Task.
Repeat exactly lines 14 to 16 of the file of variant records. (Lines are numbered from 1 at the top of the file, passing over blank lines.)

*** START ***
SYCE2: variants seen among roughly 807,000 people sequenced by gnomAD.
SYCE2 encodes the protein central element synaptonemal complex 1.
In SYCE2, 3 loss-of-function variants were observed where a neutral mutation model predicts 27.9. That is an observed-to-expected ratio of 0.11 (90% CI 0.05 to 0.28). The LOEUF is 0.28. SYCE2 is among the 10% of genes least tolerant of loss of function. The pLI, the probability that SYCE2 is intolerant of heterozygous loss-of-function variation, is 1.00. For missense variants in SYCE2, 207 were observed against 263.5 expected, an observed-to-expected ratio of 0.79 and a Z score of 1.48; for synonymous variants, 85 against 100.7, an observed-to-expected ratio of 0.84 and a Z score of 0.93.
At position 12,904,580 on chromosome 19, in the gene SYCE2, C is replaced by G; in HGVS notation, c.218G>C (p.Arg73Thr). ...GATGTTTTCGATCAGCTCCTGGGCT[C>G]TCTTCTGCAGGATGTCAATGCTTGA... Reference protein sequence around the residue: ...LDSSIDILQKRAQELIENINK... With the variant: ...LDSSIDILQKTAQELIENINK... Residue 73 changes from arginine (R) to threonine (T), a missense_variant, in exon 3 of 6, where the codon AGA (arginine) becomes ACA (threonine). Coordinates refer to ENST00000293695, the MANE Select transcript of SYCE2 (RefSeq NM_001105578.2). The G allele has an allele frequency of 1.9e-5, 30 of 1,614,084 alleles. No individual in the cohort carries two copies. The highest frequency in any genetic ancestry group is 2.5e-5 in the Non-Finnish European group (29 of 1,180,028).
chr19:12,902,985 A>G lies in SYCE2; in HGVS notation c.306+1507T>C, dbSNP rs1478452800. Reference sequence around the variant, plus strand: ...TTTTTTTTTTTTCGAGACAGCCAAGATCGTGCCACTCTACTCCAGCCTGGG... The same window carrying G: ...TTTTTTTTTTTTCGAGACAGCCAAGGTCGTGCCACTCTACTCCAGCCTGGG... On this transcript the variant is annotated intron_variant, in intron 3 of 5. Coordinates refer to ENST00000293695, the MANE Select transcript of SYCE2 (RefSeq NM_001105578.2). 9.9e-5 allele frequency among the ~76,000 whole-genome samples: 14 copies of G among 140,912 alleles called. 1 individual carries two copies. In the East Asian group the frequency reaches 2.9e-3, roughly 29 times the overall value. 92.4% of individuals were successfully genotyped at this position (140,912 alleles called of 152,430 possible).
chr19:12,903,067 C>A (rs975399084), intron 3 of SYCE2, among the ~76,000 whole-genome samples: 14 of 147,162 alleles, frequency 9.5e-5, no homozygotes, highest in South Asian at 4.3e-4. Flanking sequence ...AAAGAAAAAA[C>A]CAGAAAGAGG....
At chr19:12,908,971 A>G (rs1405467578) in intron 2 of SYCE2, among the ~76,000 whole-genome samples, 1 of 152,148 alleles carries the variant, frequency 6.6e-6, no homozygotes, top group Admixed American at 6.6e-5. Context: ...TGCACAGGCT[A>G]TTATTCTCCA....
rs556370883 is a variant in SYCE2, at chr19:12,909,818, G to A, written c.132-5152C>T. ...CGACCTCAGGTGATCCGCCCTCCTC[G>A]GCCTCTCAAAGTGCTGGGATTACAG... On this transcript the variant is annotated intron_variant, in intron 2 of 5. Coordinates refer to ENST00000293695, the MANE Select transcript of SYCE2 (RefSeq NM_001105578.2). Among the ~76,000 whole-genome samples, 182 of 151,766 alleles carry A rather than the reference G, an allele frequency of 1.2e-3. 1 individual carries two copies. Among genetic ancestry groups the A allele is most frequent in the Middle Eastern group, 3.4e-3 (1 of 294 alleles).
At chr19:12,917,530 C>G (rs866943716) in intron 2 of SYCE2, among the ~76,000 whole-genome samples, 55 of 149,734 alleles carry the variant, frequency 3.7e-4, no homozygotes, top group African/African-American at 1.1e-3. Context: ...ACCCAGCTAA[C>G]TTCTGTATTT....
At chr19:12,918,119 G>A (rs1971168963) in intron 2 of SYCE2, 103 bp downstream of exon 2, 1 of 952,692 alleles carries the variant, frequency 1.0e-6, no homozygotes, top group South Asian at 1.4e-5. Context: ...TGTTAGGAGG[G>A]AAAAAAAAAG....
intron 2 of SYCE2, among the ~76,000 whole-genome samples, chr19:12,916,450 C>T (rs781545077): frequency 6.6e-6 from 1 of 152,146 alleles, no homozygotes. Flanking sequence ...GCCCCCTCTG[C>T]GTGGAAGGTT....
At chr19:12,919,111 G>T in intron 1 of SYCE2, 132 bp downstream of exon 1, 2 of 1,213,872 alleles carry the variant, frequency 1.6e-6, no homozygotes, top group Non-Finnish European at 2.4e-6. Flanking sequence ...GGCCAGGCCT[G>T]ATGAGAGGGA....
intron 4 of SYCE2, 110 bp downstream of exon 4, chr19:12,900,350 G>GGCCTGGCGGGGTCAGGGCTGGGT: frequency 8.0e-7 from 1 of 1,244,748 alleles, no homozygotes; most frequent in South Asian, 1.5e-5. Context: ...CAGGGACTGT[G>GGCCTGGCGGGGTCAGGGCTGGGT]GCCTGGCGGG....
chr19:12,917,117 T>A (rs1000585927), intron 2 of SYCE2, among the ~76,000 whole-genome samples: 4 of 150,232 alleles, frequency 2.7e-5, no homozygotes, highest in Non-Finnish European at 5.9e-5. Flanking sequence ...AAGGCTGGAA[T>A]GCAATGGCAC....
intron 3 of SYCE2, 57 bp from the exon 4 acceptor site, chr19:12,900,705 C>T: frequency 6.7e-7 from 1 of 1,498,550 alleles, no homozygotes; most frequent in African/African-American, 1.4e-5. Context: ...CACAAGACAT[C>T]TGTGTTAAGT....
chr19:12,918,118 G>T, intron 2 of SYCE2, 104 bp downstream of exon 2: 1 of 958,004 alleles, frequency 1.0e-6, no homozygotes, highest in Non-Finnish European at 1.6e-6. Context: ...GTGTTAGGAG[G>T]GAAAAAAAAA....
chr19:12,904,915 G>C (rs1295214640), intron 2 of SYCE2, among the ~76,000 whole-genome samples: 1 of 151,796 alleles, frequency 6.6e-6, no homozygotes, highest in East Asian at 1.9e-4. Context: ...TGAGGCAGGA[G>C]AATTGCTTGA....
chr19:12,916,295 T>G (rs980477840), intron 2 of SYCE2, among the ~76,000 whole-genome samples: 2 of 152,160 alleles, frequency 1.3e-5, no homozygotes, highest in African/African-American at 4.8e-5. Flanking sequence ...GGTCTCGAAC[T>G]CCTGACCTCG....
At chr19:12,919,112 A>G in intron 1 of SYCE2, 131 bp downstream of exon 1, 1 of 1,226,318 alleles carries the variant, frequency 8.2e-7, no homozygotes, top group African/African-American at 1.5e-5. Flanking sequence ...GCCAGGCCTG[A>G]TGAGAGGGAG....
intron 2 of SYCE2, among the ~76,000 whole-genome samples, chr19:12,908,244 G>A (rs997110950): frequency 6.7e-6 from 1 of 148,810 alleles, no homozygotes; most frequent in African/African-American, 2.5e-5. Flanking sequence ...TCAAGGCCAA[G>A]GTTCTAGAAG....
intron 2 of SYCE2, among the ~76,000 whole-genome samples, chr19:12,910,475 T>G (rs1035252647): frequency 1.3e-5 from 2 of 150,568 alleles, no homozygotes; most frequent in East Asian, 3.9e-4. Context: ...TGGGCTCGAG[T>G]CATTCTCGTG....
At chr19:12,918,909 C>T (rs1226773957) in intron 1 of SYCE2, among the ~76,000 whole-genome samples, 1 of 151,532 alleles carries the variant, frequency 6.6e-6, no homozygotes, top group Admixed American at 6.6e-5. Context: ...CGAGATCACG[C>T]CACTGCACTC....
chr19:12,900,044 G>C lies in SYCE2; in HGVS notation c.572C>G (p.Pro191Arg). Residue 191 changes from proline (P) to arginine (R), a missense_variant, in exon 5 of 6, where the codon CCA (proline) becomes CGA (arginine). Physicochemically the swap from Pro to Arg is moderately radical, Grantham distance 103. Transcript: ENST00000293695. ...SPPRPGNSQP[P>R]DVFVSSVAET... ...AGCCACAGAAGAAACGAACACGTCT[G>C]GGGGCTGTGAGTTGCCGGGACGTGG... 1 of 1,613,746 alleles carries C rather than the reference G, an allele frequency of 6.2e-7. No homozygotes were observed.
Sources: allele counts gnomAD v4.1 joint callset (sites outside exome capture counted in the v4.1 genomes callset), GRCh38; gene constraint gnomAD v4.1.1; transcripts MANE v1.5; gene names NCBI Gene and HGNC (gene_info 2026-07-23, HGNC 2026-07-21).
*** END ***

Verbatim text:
chr19:12,917,117 T>A (rs1000585927), intron 2 of SYCE2, among the ~76,000 whole-genome samples: 4 of 150,232 alleles, frequency 2.7e-5, no homozygotes, highest in Non-Finnish European at 5.9e-5. Flanking sequence ...AAGGCTGGAA[T>A]GCAATGGCAC....
intron 3 of SYCE2, 57 bp from the exon 4 acceptor site, chr19:12,900,705 C>T: frequency 6.7e-7 from 1 of 1,498,550 alleles, no homozygotes; most frequent in African/African-American, 1.4e-5. Context: ...CACAAGACAT[C>T]TGTGTTAAGT....
chr19:12,918,118 G>T, intron 2 of SYCE2, 104 bp downstream of exon 2: 1 of 958,004 alleles, frequency 1.0e-6, no homozygotes, highest in Non-Finnish European at 1.6e-6. Context: ...GTGTTAGGAG[G>T]GAAAAAAAAA....